MARK SERTORI may work alongside arguably the greatest coach of the modern footballing era in Pep Guardiola but he still describes Joey Jones as ‘one of the best’ he’s ever seen.

As Sertori - a masseur at Manchester City - prepares for tomorrow’s Premier League return, the former Wrexham player took time out to highlight the part Jones played in a playing career that included a four-year stay at The Racecourse.

“I can’t speak highly enough of Joey Jones,” said Sertori, who has been in the Blues backroom staff for 12 years. “He’s one of the best coaches I’ve seen and could have gone a lot higher in the game. He could have coached at the very highest level.

“But Joey loved it at Wrexham and he showed great loyalty to them. For what he achieved in his playing career, he never shouted about but he just had a great way with him.”

Sertori arrived at Wrexham in 1990 as a striker, Brian Flynn forking out £30,000 to bring him to The Racecourse from Lincoln City.

Flynn, assistant Kevin Reeves and Jones then saw something else in Sertori as he went from front to back to become a more-than-decent centre-half.

“You always listened to Joey’s words of advice and took them on board. He would put his points across so well. And when Joey Jones told you do something, it was non-negotiable!”

While Sertori, who played his part in Wrexham’s famous FA Cup giant-killing of Arsenal in 1992, lauded Jones’ methods on the training ground, the ex-Liverpool and Wrexham legend was full of praise for the man who paid out £110,000 to take him to Anfield 45 years ago.

Jones described the late, great Liverpool boss Bob Paisley as ‘a brilliant manager’ who was ahead of his time when it came to tactics and handling players.

“We never really had a team talk with Bob Paisley, it was never a club where we talked tactics. We just played five-a-side all the time in training,” recalled Jones on his 100-game spell at Anfield.

“I remember the European Cup Final in Rome. We got there and he said don’t bother going sight-seeing, there’s nothing to see. I was here in the war in a tank and we bombed everywhere!”

Paisley’s honours list is something else - six League Championships, three League Cups, three European Cups, one UEFA Cup, one Super Cup and six Charity Shields.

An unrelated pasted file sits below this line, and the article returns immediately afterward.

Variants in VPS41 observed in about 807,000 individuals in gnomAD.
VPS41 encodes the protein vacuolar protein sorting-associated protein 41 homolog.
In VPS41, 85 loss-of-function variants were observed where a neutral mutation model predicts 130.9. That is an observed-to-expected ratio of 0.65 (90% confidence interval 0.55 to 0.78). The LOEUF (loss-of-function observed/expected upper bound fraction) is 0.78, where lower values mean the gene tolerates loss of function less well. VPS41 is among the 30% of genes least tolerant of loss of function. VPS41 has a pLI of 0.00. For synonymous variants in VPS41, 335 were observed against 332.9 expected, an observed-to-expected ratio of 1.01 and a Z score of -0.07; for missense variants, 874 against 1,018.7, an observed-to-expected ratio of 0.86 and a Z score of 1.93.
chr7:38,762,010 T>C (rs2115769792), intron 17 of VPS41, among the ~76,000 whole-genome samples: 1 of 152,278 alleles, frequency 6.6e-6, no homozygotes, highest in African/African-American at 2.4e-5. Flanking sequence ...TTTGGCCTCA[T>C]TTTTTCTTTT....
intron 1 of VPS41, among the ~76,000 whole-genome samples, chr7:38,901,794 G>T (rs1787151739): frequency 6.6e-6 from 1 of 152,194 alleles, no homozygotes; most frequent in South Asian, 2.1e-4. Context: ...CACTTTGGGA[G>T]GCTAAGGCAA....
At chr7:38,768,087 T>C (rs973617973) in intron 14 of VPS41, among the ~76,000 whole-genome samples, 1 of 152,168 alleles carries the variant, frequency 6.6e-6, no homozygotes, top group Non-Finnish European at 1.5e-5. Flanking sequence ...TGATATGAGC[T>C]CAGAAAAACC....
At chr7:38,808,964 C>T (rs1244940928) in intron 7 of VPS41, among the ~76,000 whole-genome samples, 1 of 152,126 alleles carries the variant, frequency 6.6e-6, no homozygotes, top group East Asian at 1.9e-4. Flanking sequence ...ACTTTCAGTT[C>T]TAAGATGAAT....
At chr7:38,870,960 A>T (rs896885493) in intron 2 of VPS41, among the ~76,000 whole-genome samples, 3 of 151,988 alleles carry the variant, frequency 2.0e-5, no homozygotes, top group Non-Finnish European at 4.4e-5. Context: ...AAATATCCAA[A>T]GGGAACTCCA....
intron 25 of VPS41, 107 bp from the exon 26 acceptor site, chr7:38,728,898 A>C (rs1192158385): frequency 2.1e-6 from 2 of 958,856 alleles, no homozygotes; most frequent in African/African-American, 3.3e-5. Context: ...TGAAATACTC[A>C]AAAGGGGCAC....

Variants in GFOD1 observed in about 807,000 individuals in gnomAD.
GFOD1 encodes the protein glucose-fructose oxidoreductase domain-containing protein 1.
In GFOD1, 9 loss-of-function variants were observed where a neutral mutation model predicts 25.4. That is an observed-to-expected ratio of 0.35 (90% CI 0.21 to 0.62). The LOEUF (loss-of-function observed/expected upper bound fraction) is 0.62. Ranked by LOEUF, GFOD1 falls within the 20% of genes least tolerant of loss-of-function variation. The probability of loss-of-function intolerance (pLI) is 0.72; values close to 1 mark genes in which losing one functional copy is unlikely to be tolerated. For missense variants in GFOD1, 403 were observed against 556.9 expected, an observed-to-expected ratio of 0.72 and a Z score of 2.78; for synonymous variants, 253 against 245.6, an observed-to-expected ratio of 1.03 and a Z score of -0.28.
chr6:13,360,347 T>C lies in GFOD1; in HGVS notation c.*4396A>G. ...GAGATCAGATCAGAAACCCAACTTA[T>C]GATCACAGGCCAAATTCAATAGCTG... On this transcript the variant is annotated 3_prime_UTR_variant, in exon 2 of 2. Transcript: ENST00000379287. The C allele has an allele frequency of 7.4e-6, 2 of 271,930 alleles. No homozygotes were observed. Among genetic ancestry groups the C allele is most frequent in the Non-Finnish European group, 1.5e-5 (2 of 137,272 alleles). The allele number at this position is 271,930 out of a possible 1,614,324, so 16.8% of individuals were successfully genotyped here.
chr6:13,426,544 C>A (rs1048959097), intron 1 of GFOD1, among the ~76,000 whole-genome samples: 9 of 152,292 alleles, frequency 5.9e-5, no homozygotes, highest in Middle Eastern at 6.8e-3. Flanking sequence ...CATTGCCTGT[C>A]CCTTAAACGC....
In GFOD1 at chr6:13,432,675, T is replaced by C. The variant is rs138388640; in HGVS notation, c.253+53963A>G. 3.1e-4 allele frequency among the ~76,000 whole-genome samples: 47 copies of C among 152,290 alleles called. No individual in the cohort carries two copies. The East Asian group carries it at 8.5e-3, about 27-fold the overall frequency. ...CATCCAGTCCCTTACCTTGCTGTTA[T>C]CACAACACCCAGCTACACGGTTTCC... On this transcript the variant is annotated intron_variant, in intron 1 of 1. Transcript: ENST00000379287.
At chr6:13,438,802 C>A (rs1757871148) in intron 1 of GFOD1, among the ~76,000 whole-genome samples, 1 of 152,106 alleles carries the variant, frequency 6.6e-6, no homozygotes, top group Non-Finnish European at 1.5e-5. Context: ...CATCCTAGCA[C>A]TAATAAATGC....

“It’s an unbelievable record,” added Jones. “The good thing about him is that he would never over-complicate things. He knew we had good players and it was always about what we did and not the opposition.

“Yes he had the opposition watched but with Ronnie Moran, Joe Fagan and Roy Evans around him, they were clever, ahead of their time time really.

“We wouldn’t practice set-pieces. If we had a corner in a game, he’d shout to one of the defenders to go up and them he’d tell another one to up the next time. It kept us guessing and the opposition too!

“They would guide you more than tell you what to do and once you crossed the white line, it was up to you to make the right decision and when you had great players and we did in those days, you didn’t really need to tell them what to do. They just did it.”

Paisley offered him £100 a week when he signed for Liverpool but Jones reckons he’d have played for less and that enthusiasm and passion to play for the club he’d supported all his life wasn’t lost on the Liverpool boss.

And Paisley saw that in Jones during his first season, including when he was on the bench for the UEFA Cup semi-final tie at the Nou Camp in Barcelona.

“I was one of the subs that night and their fans were throwing objects onto the pitch all night and I’d had enough of it,” recalled Jones.

“They’re weren’t any dugouts in those days, just chairs on the side of the pitch and we were sitting targets. It got worse after we’d won 1-0 and they started throwing cushions and seats onto the pitch...and I’d had enough.

“I started throwing the cushions and the seats back into the crowd before Bob Paisley grabbed me and told me to get in the dressing room before I start a riot. I told him that if they were throwing seats at me, I was going to throw them back. He then said: “They’re throwing the seats because we beat them now get in that dressing room!’

Twelve months later he was in from the start as Liverpool lifted the European Cup with a 3-1 win over Borussia Monchengladbach in Rome - days Jones, now 65, will never forget.

And neither will the Liverpool supporters, who unfurled the famous banner that read: ‘Joey Ate The Frogs Legs, Made The Swiss Roll, Now He’s Munching Gladbach.’

“When you’re young you dream of playing football for your favourite club,” said Jones. “Mine was Liverpool so to end up playing for them, have your name chanted by the fans, listening to You’ll Never Walk was a dream come true.

“Wrexham will always be my spiritual home but Anfield was something else.

“I used to watch them from the Boy’s Pen and then the Kop and here I was playing for them alongside great likes Kevin Keegan and Emlyn Hughes.”